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Evolution of the doctors’ appointment

Getting an appointment with a doctor these days can be rather challenging. Not only are GP practices struggling with an ever-increasing number of patients and a growing elderly population requiring more medical care, they are also experiencing challenges with recruiting and retaining GPs in the profession. 

nurse and doctor

I saw an advert recently for a new service that has been developed to try and get around this problem. The solution suggested is a service called Push Doctor: 

Their site introduces the service in the following way… “whether you’re unwell, looking to improve your fitness, have a specific aspiration in mind, or just have a quick question - you can talk face-to-face with a professional, caring UK doctor in as little as six minutes.”

  1. BOOK AN APPOINTMENT - Be seen in minutes, or choose a time that suits you
  2. SEE A DOCTOR ONLINE – Talk face-to-face with a UK GP using our app or website
  3. START FEELING BETTER - Receive medical advice, prescriptions, referrals and fit notes.

This certainly sounds interesting, and for anyone who has sat on hold waiting for their GP receptionist to answer the phone this sounds like a much more efficient way of speaking with a medical professional.

However, this efficiency comes at a premium. And if GPs are leaving general practice to join private schemes such as this, then this may be compounding the recruitment/retention issues that are afflicting general practice at the moment. It made me wonder what our clients who are working in general practice think about schemes like this, whether they welcome the evolution or whether they feel it puts even more pressure on the NHS model.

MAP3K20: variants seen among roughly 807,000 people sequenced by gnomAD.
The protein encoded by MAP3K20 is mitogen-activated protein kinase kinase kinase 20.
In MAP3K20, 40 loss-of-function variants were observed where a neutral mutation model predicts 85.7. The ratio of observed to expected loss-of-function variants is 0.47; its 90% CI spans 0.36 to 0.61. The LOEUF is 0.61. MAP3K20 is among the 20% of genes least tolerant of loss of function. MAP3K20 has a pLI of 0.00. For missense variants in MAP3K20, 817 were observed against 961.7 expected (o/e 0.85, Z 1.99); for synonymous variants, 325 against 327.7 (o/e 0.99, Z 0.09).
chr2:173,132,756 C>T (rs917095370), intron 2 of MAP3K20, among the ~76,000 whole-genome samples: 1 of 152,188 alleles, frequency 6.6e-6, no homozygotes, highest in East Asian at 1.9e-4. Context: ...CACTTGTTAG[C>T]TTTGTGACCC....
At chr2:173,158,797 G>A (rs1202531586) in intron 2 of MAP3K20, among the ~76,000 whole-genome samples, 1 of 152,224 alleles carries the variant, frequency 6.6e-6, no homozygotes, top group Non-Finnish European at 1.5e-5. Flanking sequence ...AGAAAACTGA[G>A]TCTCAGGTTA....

Having said that, maybe developments like this are exactly what the NHS needs to consider in terms of its own evolution.

The way the site is marketed to doctors is interesting: “Push Doctor is an online GP service that allows you to connect face-to-face with patients via video consultation. You'll help people get the medical advice they need from a location of your choice, at a time that suits you.”


This resonated with our approach to running online focus groups in addition to the more traditional face-to-face environment. Although there are pros and cons of both methods, offering both channels enabled us at Research by Design to think creatively about how to reach difference audiences effectively. You can read our blog about that here.

Just as we are adapting to the changing needs of the audiences we wish to consult with, it’s encouraging to see other professions following a similar route. Although a consultation with a GP via video conference may not be appropriate on all occasions, there are certainly some instances when it would be both practical and suitable.

By Lindsey Nadin

This entry was posted in Market research, tagged Health & social care, Health professionals and posted on November 13, 2017

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